In every aspect of my work, and over the many years and careers, I have come to learn the power of words. I always knew words mattered, but there are a few stories that helped drive it home for me.
For most of my nursing career I worked with pregnant people who were struggling with opioid use disorder (what many call addiction), and helped medically stabilize both the parent and the infant after delivery.
I remember sitting in my nursing office, going through paperwork to admit a pregnant person to the residential home I managed. She was due to have a baby any day, and had just come from the women's prison. Still wearing jail scrubs, she told me some of her story. While I was moved by all the challenges she’d faced, what stuck with me was when she said, “no one ever says they want to be a junkie when they grow up.” I had never thought of it in that particular way.
That word junkie is one we hear often, and it’s almost commonplace when it comes to heroin addiction. But after meeting her, and feeling the emotion behind that simple but powerful statement, something changed in me.
I always thought I was unbiased and supportive of my patients, but this one statement helped me understand the impact words can have, and the stigma and negativity patients feel on a regular basis. I saw her as a little girl, asking for help, and needing my support. Now, every time I meet a patient, I see the beautiful but scarred child within, trying to cope with their past, and the world today.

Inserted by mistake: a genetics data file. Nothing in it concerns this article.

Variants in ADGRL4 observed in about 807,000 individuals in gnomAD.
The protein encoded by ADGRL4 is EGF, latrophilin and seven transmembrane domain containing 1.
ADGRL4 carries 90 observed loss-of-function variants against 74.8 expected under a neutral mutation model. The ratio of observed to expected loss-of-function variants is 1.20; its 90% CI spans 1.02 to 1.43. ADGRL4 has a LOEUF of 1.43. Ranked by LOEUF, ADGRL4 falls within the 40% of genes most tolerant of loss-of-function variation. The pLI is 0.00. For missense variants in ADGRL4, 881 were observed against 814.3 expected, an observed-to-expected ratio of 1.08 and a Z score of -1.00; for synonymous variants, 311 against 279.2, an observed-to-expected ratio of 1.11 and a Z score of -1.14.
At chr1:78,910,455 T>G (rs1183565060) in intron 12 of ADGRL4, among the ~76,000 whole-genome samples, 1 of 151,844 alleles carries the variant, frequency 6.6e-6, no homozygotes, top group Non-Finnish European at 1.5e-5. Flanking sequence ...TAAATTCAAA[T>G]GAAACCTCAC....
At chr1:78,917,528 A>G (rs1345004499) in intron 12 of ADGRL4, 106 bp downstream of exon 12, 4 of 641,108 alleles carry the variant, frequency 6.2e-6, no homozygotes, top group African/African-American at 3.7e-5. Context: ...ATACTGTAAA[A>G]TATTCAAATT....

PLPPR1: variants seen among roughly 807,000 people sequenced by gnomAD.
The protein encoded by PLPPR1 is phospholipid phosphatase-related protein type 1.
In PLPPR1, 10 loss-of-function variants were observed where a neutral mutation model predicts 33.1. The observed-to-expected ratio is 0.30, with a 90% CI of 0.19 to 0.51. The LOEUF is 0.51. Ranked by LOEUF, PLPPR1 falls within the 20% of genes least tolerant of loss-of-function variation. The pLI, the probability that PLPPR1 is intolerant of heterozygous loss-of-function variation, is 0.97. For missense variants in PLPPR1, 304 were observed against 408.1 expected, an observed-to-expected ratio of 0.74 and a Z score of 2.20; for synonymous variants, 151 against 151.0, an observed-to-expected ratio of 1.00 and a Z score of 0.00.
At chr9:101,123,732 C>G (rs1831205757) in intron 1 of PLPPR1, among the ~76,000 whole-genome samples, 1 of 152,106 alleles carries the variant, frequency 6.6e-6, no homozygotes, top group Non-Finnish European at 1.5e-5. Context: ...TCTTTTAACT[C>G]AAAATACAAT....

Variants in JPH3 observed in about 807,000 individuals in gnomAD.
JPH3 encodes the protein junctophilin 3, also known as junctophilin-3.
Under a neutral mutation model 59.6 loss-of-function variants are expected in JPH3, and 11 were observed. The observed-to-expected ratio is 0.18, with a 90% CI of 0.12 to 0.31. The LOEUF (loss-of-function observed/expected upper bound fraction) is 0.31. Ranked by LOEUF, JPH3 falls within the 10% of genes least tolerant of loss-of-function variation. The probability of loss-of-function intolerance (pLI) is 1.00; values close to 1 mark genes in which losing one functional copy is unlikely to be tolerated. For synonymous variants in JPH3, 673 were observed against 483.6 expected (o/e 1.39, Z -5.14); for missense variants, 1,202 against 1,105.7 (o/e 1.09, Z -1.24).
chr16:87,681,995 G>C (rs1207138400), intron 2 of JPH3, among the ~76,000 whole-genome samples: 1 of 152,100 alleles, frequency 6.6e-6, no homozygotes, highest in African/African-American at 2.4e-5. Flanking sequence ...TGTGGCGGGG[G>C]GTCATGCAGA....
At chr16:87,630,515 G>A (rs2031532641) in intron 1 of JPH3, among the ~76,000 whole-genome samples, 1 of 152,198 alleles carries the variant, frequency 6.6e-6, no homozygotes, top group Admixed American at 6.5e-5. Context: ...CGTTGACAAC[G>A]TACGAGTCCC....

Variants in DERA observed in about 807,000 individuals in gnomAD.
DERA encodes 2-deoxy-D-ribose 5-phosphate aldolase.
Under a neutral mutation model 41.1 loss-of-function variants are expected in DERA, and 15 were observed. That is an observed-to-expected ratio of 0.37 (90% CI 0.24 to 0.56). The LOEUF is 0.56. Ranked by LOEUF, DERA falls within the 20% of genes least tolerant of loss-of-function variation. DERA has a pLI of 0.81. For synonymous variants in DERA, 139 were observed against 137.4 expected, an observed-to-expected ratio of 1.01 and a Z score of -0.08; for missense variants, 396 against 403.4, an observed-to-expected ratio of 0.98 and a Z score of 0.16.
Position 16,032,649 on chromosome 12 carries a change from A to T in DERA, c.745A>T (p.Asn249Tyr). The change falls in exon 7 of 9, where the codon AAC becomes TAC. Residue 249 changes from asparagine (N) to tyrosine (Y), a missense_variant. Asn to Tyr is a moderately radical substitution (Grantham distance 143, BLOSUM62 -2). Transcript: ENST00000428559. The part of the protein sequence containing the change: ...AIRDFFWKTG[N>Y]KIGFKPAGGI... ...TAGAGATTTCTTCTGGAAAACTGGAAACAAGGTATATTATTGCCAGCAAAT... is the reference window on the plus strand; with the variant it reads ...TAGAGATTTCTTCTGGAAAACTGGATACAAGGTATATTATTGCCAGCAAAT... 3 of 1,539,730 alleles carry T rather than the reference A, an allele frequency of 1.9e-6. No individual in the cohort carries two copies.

Babies are NOT addicts, and they should never be referred to as addicts.
Another component of my job was regularly monitoring urine drug screens for both prescription and illicit drug use. The typical descriptive language for urine screens was - and continues to be - dirty (meaning a positive urine screen for illicit drugs) or clean (meaning a negative urine screen for illicit drugs).
Again, it was a client that explained how being called “dirty” made her feel - shame and guilt, to say the least. Again, the emotions, the body language, and a small piece of her story changed me. I became the outspoken (and to some, annoying) nurse that would correct everyone and anyone regarding their choice of language for my patients, even if they were using derogatory nicknames about urine. I became particularly insistent with the language around my loves, their babies.
Honestly, after years of working with this population, what remains most dear to my heart (and my biggest activist soap box, if you will), are the babies. It's all about the babies. My babies. I fell in love with so many of my babies. And they too, changed me.
Babies are NOT addicts, and they should never be referred to as addicts. Babies can be born chemically and physiologically dependent on substances used while they were in utero, but they are NOT psychologically ADDICTED.
Let me shout it again from the mountaintops of Vermont: BABIES ARE NOT ADDICTS! Removing that word can help remove much of the associated stigma.
In fact, people are not ADDICTS - a word that so harshly defines them. They are people, struggling with opioid or substance use disorder.
Tell a child they are stupid over and over and what happens? They’ll start to believe it. Tell a child they are amazing over and over and what happens? They start to believe it. We know the words a person hears about themself have a profound effect on their self esteem, their reality, and their future.